The MTA should be focusing less on how it will pay for its proposed $32 billion capital program, and more on convincing politicians, and the public, of its importance, the agency's chief said Thursday.

Metropolitan Transportation Authority chairman and chief executive Thomas Prendergast made his case for the importance of all the projects in the agency's newly proposed capital program at a Manhattan meeting of the General Contractors Association.

The program, which includes projects to maintain, expand and improve the MTA system through 2019, has a price tag of $32 billion, but the MTA says it can only come up with the money to pay about $17 billion of that. In the past, federal and state governments have helped fund the MTA's capital programs, including by creating new revenue streams for the agency, like the state payroll mobility tax, adopted in 2010.

After it was proposed in September, Gov. Andrew M. Cuomo called the $32 billion plan "bloated" and said a more "realistic number" must be reached.

Prendergast said his mission was to "establish the need first, and then talk about finances."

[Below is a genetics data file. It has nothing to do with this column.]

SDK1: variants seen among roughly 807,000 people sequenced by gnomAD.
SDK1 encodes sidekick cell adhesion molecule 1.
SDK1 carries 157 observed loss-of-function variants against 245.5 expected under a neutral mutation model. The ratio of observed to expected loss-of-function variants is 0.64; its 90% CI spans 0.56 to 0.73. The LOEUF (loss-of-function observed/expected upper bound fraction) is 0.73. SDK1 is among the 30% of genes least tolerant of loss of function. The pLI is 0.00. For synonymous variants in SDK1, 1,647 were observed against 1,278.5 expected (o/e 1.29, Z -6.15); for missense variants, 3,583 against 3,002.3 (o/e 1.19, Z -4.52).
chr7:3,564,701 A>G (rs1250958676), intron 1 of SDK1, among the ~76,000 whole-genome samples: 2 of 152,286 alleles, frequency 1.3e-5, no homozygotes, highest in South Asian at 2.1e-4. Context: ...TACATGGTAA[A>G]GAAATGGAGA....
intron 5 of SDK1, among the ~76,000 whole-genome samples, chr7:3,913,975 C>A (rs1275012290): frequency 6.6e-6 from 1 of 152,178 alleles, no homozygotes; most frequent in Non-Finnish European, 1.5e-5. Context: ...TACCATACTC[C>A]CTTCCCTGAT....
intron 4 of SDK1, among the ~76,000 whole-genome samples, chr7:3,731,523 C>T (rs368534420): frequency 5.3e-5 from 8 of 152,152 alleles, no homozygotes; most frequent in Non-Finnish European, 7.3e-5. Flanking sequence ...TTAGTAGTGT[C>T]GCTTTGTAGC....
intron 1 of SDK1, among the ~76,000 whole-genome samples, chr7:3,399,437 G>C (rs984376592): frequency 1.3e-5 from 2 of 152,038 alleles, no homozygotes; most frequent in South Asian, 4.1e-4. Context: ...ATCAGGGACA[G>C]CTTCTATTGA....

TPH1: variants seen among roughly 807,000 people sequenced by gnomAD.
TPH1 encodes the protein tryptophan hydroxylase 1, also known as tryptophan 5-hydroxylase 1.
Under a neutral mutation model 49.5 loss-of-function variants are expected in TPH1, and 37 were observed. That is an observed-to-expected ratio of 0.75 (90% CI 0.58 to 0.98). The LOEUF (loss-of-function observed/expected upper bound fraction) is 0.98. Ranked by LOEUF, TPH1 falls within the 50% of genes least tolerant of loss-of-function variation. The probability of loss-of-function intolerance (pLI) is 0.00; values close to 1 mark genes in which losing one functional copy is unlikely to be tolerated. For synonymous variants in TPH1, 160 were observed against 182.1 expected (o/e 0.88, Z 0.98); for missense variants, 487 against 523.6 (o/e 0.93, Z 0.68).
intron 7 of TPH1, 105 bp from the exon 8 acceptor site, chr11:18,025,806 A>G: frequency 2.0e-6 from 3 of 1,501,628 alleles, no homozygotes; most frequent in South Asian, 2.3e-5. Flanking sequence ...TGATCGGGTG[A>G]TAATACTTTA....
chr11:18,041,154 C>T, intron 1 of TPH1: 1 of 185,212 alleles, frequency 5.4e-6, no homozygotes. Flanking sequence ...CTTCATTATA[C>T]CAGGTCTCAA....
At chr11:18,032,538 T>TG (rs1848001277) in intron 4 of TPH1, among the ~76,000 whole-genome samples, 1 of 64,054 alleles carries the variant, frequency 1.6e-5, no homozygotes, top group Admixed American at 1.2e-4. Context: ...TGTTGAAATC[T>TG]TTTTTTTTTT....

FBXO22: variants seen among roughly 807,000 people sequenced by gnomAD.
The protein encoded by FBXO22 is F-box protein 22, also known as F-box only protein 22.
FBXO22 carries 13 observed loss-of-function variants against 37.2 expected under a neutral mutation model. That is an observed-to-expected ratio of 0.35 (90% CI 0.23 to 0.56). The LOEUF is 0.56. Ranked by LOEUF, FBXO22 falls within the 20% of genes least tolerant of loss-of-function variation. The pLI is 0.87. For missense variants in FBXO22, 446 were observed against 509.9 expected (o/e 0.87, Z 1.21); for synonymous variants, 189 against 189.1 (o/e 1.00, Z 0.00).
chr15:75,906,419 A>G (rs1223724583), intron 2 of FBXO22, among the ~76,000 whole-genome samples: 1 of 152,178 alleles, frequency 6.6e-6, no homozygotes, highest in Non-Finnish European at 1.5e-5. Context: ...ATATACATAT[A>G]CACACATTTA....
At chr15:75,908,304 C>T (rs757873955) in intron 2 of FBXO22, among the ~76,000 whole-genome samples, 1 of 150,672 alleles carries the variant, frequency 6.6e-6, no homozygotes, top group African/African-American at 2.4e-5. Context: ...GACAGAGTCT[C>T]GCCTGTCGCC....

"We need to have a dialogue on that so that we get a strong consensus behind the fact that they think the makeup of the program is right . . . then we go after the funding," Prendergast said.

About two-thirds of the proposed capital budget would go to maintaining the existing MTA system, which Prendergast has valued at $1 trillion. The other third would be split between efforts to enhance the system, through projects like positive train control crash prevention technology on the Long Island Rail Road and Metro-North, and expand it, including by fully funding the East Side Access project to link the LIRR to Grand Central Terminal.

Prendergast did not offer specific ideas to generate new revenue for the agency, other than to say a rollback of the payroll mobility tax -- as sought by many Republican lawmakers -- "would be a concern" to the MTA.

But Carol Kellerman, president of the nonprofit Citizens Budget Commission, brought up several ways to raise money for the MTA's capital needs, including larger New York City subsidies, tolls on now-free East River bridges and tunnels, higher DMV fees and an MTA fare hike steeper than the 4 percent increase planned for next year.

Kellerman, who took part in a panel discussion following Prendergast's remarks, said that while such proposals are politically unpopular, there's no way around having transit riders, drivers, and taxpayers pay more.

"It's going to come from us. It's just not a free system," Kellerman said.